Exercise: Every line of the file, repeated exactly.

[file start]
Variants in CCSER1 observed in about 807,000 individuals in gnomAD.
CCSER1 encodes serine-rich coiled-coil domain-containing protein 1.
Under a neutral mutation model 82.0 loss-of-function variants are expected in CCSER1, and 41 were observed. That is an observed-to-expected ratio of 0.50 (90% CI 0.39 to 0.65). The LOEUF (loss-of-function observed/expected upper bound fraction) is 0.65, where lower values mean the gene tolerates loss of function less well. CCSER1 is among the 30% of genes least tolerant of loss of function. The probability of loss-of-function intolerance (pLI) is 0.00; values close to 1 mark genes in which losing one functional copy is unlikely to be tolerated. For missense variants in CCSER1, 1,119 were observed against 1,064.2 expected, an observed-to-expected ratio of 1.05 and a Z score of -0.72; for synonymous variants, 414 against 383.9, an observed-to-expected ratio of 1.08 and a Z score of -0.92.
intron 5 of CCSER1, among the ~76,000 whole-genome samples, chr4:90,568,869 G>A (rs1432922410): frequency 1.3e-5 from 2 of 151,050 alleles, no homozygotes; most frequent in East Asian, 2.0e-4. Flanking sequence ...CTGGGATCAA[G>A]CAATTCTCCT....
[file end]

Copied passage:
Variants in CCSER1 observed in about 807,000 individuals in gnomAD.
CCSER1 encodes serine-rich coiled-coil domain-containing protein 1.
Under a neutral mutation model 82.0 loss-of-function variants are expected in CCSER1, and 41 were observed. That is an observed-to-expected ratio of 0.50 (90% CI 0.39 to 0.65). The LOEUF (loss-of-function observed/expected upper bound fraction) is 0.65, where lower values mean the gene tolerates loss of function less well. CCSER1 is among the 30% of genes least tolerant of loss of function. The probability of loss-of-function intolerance (pLI) is 0.00; values close to 1 mark genes in which losing one functional copy is unlikely to be tolerated. For missense variants in CCSER1, 1,119 were observed against 1,064.2 expected, an observed-to-expected ratio of 1.05 and a Z score of -0.72; for synonymous variants, 414 against 383.9, an observed-to-expected ratio of 1.08 and a Z score of -0.92.
intron 5 of CCSER1, among the ~76,000 whole-genome samples, chr4:90,568,869 G>A (rs1432922410): frequency 1.3e-5 from 2 of 151,050 alleles, no homozygotes; most frequent in East Asian, 2.0e-4. Flanking sequence ...CTGGGATCAA[G>A]CAATTCTCCT....